“Now I have come to explain to you what will happen to your
people in the (tyrxa, end or latter) days for the vision
concerns a time yet to come.” It is a mistake to try to
interpret this vision as ending in the days of Antiochus IV
Epiphanes since it reaches to the time of Christ’s second
THE VENERATION OF THE MAN (10:15-17).
While he was saying this to me, I bowed with my
face towards the ground and was speechless. Then one who
looked like a man touched my lips, and I opened my mouth
and began to speak. said to the one standing before me, “I
am overcome with anguish because of the vision, my lord,
and I am helpless. How can I, your servant, talk with you,
my lord? My strength is gone and I can hardly breathe.”
Daniel silently bowed with his face towards the ground
in an act of worship before the Lord. He was so excited
that he could not catch his breath. What was so
breathtaking? The prophet had identified who was speaking
The phrase ynda-Me (am-'adown, my lord) also appears in
Genesis 24:12, 14; 2 Samuel 19:37; and 1 Kings 1:37. Each
of these occurrences is addressed to someone other than
deity and is translated as a title of respect, something
like “sir.” Hence, the translators have not capitalized
However, ynda is capitalized numerous times when it
obviously refers to deity, in passages like “the priests
who carry the ark of the LORD—the Lord (ynda) of all the
earth” (Joshua 3:13). Daniel uses “My Lord” as Thomas did
when he recognized the risen Christ: “My Lord and my God!”
(John 20:28). Daniel’s, “My Lord” is an expression of
veneration or worship.
Observe Joshua’s reaction and worship of the Lord when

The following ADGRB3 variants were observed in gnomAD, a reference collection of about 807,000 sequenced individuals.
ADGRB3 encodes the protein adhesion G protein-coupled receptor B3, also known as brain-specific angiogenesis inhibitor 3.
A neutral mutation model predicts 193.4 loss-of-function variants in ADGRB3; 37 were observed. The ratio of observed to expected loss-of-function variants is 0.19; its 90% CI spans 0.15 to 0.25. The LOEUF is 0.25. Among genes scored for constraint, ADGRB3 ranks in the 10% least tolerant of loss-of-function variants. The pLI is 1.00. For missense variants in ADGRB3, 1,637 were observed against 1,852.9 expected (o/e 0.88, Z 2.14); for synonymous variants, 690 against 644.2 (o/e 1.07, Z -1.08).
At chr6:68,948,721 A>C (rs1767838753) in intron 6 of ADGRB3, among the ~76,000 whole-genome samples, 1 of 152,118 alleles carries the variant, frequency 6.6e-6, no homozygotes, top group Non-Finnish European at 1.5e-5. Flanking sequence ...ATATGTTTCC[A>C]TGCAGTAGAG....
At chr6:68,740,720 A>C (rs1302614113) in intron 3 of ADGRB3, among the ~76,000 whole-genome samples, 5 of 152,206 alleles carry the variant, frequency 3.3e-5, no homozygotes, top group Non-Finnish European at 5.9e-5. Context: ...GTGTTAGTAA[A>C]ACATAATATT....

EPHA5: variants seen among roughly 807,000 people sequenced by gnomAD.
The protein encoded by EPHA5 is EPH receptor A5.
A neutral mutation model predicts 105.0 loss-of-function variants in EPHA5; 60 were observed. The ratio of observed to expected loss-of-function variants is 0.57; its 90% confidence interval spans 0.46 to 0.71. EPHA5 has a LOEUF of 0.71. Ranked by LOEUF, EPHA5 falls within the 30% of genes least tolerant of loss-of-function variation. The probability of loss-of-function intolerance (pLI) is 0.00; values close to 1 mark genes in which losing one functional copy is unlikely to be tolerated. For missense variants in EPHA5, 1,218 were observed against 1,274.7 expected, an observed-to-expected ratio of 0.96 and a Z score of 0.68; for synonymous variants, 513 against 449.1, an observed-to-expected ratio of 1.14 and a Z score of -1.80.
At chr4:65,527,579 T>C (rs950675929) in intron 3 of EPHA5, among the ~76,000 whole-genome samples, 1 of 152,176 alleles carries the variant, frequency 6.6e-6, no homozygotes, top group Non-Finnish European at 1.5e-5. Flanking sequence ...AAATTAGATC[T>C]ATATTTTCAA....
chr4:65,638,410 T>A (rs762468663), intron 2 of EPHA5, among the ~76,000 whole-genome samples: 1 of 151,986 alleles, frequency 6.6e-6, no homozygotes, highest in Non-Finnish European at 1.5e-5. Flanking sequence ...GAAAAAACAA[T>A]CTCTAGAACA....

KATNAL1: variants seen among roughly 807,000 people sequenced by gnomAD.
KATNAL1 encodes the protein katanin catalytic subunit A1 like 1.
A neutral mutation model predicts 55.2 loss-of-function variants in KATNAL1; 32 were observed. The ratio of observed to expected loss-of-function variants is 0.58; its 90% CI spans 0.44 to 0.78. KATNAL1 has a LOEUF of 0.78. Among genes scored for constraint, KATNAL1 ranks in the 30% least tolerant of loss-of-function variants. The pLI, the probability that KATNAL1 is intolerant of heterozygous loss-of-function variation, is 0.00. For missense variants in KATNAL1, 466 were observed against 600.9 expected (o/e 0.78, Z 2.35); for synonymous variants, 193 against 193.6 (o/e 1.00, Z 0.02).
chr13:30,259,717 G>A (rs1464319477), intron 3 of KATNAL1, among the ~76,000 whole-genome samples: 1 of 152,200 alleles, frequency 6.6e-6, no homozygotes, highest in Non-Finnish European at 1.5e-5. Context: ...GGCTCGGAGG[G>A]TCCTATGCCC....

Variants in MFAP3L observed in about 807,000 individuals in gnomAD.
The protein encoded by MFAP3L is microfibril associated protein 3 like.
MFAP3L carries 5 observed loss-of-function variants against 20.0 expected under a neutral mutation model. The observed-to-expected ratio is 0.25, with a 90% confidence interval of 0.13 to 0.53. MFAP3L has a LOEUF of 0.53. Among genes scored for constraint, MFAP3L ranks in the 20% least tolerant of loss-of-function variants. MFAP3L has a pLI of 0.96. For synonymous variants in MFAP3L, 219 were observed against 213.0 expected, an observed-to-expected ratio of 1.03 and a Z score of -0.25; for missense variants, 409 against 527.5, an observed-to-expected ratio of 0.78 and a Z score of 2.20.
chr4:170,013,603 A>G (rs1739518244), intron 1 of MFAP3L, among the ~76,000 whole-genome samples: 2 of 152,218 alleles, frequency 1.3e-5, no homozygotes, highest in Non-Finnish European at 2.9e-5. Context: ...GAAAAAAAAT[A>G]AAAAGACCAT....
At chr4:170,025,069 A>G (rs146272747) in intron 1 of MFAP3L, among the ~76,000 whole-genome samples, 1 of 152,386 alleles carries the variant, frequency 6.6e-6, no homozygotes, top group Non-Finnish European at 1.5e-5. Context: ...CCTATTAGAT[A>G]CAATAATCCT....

the preincarnate Christ appeared to him.
Now when Joshua was near Jericho, he looked up and saw
a man standing in front of him with a drawn sword in his
hand. Joshua went up to him and asked, “Are you for us or
for our enemies?” “Neither,” he replied, “but as commander
of the army of the LORD I have now come.” Then Joshua fell
face down to the ground in reverence, and asked him, “What
message does my Lord have for his servant?” The commander
of the LORD's army replied, “Take off your sandals, for
the place where you are standing is holy.” And Joshua did
so (Joshua 5:13-15).
It is only fitting that Christ, the Commander of the
Army of Yahweh, appeared to Daniel since this conflict is
far greater than the battle of Jericho. It is unlikely
that the prophet would identify himself as a servant of an
angelic being any more than Mary would have (Luke 1:38).
The Lord touching Daniel’s lips is similar to Isaiah’s
experience before the throne of God.
Then one of the seraphs flew to me with a live coal in
his hand, which he had taken with tongs from the altar.
With it he touched my mouth and said, “See, this has
touched your lips; your guilt is taken away and your sin
atoned for” (Isaiah 6:6-7).